The Big Business of Blood Plasma

From families low on income to students struggling to cover their college expenses, the appeal of donating plasma is simple, quick access to much needed cash.  There are a few requirements; you must be 18 years of age, weigh over 110 pounds, and have passed medical examinations. The first donation will take a little longer, about 2 hours, but thereafter, visits take about 90 minutes. The compensation? A debit card you can use immediately. Compensation varies by location and by the amount of plasma you are able to give (depending on weight) and will typically fluctuate between $20-$50 per donation. In the United States, donors can give plasma up to twice a week. For families in dire need of income, this can translate to a few hundred dollars a month. 

For the extremely poor, a few hundred dollars a month of stable income or a $40 payment to cover an unanticipated expense is an invaluable lifeline. As the number of Americans living in extreme poverty has risen in the past two decades, it may not come as a coincidence that the number of people donating plasma has also raised dramatically. In 2014, 32.6 million people donated plasma, a number over 3 times greater than the quantity of donations made 10 years prior.  The number of plasma centers too has increased; a hundred centers opened during the Great Recession alone.  There are now over 500 centers scattered across the country. 

To lure new donors and incentivize repeat donors, most plasma donation centers have special promotions, ranging from bonus payouts to rewards programs. But why the need for more and more donations? The reason is clear: the business of source plasma is very profitable. According to the FDA, source plasma, the type of plasma that most plasma clinics collect, is intended as source material for further manufacturing. This means that pharmaceutical companies buy plasma, the fluid portion of human blood, to develop therapies and medications to treat people with rare, chronic diseases and disorders. These therapies are typically very expensive; “the annual cost of therapy using a plasma-derived therapeutic protein product can easily exceed $200,000.”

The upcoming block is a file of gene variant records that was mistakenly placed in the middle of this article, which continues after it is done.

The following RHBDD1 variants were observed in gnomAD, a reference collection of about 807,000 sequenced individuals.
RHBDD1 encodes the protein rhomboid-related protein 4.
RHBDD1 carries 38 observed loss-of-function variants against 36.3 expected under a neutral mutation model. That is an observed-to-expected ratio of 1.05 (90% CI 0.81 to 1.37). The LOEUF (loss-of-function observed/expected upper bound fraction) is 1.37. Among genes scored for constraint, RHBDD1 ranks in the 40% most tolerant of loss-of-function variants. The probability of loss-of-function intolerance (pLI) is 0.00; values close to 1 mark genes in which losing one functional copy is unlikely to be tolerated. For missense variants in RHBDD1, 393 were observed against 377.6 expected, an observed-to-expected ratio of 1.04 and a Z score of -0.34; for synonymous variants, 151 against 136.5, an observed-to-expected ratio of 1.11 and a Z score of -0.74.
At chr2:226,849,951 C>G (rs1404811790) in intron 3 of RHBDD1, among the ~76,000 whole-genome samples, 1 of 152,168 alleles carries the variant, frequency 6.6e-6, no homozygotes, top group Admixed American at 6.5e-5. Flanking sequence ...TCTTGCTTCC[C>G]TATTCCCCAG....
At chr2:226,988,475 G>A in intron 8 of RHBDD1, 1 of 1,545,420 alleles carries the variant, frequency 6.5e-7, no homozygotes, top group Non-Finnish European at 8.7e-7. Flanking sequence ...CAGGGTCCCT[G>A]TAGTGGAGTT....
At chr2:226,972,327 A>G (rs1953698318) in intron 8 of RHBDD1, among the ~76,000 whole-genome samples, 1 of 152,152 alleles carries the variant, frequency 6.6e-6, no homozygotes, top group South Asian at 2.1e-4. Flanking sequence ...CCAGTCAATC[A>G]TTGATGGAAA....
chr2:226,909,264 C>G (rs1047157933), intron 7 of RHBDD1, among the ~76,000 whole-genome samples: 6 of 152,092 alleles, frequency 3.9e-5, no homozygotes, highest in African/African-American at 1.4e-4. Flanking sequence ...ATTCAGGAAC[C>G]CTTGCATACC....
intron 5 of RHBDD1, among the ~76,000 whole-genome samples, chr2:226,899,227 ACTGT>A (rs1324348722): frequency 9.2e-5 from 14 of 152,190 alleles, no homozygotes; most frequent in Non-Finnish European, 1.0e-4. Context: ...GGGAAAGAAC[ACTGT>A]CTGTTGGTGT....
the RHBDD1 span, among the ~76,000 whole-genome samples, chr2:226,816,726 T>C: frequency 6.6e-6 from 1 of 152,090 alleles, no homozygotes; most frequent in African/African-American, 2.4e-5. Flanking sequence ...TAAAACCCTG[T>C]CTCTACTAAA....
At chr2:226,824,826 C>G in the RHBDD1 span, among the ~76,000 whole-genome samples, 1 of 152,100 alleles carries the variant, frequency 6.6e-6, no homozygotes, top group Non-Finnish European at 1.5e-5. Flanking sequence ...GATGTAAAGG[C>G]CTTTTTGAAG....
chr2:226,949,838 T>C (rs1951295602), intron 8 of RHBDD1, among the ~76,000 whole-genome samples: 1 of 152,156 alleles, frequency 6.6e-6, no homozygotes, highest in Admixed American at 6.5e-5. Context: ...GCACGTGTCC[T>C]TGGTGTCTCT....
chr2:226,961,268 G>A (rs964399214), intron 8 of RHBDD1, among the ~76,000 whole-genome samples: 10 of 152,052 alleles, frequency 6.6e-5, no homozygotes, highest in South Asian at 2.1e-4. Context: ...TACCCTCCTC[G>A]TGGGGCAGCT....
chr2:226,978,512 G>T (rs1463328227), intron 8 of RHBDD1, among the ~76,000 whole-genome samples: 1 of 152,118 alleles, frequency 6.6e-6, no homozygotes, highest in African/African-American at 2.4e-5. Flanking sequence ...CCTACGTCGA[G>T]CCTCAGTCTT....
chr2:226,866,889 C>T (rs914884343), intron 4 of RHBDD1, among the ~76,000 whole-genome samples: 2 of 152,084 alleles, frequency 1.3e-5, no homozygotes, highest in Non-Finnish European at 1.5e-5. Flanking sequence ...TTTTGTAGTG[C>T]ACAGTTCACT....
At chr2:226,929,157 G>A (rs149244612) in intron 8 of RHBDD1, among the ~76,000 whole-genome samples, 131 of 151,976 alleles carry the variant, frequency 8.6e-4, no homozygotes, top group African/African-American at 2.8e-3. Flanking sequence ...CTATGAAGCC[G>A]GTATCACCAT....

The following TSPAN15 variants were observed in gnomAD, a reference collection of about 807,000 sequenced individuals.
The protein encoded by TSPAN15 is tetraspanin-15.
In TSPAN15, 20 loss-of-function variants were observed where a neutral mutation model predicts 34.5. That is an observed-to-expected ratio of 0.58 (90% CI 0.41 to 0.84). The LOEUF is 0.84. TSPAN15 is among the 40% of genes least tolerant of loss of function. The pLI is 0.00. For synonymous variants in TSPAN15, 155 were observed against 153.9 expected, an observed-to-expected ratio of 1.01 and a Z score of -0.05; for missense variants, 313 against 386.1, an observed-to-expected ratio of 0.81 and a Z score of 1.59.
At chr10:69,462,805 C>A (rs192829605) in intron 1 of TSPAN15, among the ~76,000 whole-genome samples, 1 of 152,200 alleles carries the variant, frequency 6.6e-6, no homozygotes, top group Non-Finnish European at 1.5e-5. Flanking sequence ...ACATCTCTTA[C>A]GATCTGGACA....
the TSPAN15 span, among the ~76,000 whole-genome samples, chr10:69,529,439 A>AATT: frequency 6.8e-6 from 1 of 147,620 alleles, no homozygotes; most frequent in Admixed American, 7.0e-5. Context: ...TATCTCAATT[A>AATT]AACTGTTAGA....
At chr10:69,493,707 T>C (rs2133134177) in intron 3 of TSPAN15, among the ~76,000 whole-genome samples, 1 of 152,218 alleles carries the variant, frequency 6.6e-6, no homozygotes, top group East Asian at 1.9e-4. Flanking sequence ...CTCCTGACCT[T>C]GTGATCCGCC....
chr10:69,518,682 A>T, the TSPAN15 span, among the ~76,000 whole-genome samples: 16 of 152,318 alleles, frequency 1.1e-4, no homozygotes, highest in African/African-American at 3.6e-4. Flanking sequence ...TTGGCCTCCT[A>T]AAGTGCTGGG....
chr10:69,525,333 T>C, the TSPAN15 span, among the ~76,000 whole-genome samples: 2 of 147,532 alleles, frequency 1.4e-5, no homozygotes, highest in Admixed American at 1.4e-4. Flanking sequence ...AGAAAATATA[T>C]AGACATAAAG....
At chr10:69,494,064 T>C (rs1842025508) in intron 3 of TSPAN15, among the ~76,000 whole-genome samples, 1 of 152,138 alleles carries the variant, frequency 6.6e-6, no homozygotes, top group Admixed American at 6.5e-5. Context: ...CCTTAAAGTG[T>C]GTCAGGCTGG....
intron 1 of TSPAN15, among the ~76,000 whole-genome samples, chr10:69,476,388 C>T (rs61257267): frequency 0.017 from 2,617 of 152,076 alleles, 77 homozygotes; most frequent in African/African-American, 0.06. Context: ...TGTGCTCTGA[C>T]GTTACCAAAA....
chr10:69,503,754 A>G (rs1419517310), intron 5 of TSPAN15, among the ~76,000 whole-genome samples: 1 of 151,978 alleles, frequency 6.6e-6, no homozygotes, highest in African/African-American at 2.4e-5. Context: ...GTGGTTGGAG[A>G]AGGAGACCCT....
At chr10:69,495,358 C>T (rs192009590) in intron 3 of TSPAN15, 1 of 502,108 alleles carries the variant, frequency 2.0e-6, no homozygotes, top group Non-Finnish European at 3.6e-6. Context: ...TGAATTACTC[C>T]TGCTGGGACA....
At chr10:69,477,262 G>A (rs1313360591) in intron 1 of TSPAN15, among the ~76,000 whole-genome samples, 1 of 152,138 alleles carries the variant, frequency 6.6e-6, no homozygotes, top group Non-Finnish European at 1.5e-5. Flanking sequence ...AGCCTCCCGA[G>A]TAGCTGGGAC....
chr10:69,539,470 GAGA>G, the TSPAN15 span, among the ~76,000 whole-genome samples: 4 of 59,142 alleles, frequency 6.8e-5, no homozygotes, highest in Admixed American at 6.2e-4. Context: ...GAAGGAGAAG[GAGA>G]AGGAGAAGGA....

The United States provides 65% of the world’s source plasma supply, and that is in no small part due to the fact that the US is one of the few countries where compensation to donors is legal (companies claim that compensation is for time spent giving plasma, not for the plasma itself). The majority of the remaining plasma collections come from Europe. Today, the global plasma industry has annual sales of more than $14 billion and projections of more than 10% annual growth in demand for plasma-derived therapies is expected.  

It is no wonder why plasma donation centers have continued to pop up across the country, and it should not come as a surprise that they tend to be disproportionately positioned in or around poor areas, where the most likely donors, the impoverished, reside. As demand for plasma-derived therapies continues to rise, so will the need for donors. For those in desperate need of immediate cash, selling their “time” at plasma donation clinics will remain a viable option to earn income.

 

- Analidis Ochoa-Bendaña